I have a new respect for single parents and small free-range chickens.
We recently hosted a dinner party: a guest list of thirteen which included my wife, our two kids, and me.
Although it was pot luck, we were still responsible for the main course: capon and ham; as well as the vegetable side dishes: sautéed beans with Parmesan and lemon; and spinach salad with walnuts, cranberries topped with paprika/poppy vinaigrette.
My wife was called into work that day, so I was called up from the minor-leagues to prepare the meal, prepare the house, prepare the kids, and ultimately prepare for an inevitable crisis.
That morning, I avoided the “Life” section of the local paper. The risk was too high it would contain an article reminding parents to restrict television viewing in young children. Today, I knew I wouldn’t survive without plopping them in front of a movie. Psychologists be damned; unless Dr. Spock was going to vacuum my living room, The Incredibles were going to have to baby sit.
I reminded myself the key to surviving days such as these was prioritize, prioritize, and prioritize:
Step one: Tire Them Out.
Fortunately, they’d survived two consecutive late nights, followed by two early mornings. With the help of a little fresh air and bicycling, I could hope for a return of the long-forgotten afternoon nap…as long as I bribed them with a movie afterward.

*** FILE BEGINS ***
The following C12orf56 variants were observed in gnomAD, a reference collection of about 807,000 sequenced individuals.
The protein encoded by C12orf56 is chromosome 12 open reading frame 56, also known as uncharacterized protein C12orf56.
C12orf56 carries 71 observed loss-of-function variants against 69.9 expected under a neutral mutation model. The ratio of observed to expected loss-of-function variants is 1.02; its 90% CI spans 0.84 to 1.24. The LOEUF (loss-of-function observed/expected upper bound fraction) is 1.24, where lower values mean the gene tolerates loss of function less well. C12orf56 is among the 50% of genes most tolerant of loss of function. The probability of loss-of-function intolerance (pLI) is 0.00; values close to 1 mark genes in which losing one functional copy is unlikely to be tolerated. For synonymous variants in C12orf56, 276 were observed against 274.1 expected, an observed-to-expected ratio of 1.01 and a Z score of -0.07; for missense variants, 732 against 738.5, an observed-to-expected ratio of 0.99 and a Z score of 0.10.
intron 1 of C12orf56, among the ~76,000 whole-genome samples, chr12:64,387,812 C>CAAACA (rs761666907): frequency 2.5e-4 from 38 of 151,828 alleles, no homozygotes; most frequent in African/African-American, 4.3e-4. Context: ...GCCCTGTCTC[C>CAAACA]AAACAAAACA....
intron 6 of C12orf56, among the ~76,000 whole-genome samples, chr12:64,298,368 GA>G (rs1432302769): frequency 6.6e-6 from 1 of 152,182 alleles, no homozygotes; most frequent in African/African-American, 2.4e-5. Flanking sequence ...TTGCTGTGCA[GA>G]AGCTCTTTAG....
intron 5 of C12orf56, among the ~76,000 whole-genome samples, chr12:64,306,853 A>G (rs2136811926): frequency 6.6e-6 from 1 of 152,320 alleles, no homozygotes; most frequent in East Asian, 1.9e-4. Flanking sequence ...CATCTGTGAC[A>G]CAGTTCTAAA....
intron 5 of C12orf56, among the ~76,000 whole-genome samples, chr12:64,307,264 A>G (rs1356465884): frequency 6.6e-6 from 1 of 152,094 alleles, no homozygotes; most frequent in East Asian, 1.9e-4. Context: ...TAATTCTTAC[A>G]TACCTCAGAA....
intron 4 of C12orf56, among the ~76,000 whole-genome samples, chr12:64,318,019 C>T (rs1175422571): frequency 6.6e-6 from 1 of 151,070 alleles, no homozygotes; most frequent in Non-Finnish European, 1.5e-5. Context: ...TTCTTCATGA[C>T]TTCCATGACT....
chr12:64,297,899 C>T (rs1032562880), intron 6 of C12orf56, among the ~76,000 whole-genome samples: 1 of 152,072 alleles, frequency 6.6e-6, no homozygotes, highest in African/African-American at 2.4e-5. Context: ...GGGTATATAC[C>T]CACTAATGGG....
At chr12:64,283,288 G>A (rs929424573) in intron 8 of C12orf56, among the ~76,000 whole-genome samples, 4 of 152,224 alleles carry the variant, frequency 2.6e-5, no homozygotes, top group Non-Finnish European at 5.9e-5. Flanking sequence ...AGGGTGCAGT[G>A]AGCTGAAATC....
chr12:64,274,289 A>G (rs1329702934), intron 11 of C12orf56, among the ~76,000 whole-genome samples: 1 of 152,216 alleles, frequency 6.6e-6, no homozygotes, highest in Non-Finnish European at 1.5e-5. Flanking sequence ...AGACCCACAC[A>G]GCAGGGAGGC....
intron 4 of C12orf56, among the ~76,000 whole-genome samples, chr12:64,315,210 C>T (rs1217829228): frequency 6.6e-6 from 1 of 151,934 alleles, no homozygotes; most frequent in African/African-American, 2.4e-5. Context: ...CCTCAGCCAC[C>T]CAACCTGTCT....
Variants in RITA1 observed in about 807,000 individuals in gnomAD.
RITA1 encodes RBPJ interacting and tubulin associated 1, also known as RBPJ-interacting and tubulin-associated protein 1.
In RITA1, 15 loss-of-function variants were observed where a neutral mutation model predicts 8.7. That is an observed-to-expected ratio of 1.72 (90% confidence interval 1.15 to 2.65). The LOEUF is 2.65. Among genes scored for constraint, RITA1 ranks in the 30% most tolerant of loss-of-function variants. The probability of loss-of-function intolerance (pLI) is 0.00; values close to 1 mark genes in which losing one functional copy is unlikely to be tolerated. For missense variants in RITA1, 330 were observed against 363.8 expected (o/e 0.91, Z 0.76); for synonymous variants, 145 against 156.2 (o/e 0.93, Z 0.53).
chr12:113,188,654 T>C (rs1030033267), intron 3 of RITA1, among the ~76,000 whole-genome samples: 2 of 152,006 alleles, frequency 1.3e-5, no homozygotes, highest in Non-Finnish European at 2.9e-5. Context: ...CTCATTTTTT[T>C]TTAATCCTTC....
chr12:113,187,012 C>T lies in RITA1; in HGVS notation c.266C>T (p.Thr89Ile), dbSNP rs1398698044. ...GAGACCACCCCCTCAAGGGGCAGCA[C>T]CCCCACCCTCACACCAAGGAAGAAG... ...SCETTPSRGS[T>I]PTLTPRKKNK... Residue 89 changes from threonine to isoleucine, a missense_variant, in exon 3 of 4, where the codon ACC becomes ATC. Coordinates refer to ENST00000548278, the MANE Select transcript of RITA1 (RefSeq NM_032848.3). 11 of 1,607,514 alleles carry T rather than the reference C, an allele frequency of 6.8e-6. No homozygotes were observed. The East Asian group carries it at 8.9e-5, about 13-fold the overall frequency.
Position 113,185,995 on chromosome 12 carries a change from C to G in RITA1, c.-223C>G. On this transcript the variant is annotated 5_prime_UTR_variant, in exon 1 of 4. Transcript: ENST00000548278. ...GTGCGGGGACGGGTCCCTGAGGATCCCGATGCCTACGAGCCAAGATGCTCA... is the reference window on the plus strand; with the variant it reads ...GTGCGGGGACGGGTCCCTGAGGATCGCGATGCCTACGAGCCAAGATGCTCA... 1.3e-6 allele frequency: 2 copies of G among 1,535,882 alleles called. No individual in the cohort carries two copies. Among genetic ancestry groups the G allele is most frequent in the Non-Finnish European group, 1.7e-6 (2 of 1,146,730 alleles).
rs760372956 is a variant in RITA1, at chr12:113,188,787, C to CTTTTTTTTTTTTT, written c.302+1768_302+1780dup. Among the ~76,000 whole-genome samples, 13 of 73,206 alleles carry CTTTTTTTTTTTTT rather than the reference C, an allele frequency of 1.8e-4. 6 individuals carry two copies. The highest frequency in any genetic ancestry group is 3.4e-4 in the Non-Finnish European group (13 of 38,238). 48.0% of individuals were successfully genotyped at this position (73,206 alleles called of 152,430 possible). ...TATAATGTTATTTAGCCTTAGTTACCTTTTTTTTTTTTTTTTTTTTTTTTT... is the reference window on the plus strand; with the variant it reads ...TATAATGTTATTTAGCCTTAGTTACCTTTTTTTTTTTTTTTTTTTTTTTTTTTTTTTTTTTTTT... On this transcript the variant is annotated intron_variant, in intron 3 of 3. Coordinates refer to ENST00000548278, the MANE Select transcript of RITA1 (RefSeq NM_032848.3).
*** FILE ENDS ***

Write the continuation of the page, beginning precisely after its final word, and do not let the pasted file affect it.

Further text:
Step two: Get That Bird in the Oven
As much as over-cooked dry capon is reminiscent of “National Lampoon’s Christmas Vacation”, salmonella is no way to welcome dinner guests, even family.
Step three: Rest While They Rest
When possible, twenty minutes of shut-eye, or deep-breathing, or book-reading, or knitting – whatever your pleasure – will go a long way toward salvaging your sanity when your day is one deadline after another.
With the bird in the oven and the kids in bed, my head hit the sofa throw cushion for 20 winks.
Step four: Clean While They’re Catatonic
The kids are awake, and now occupied by the evil television. Time to get the house to a presentable state. Not perfect, but – at the very least – your washroom should not be a testing lab for the Centre for Disease Control.
Step five: Get Dressed and Let the Chips Fall Where They May.
Even if it means Doritos falling into a bowl to be served as an appetizer because “Pot Luck” assignments didn’t quite cover everyone’s pre-dinner appetites.
Finally: Enjoy Super Hero Status.
That’s right. 10 hours of childcare, cooking, cleaning, and table setting is worth yodeling from a mountain top whether you’re a mom or a dad.
After all: At 11am I felt my goose was cooked, at 8pm the only thing cooked was that darn capon: to perfection.
Author’s Bio: Kenny Bodanis is father of two, husband of one. He works as a television producer/director, and is the author of FatherDaddy, at www.kennybodanis.com.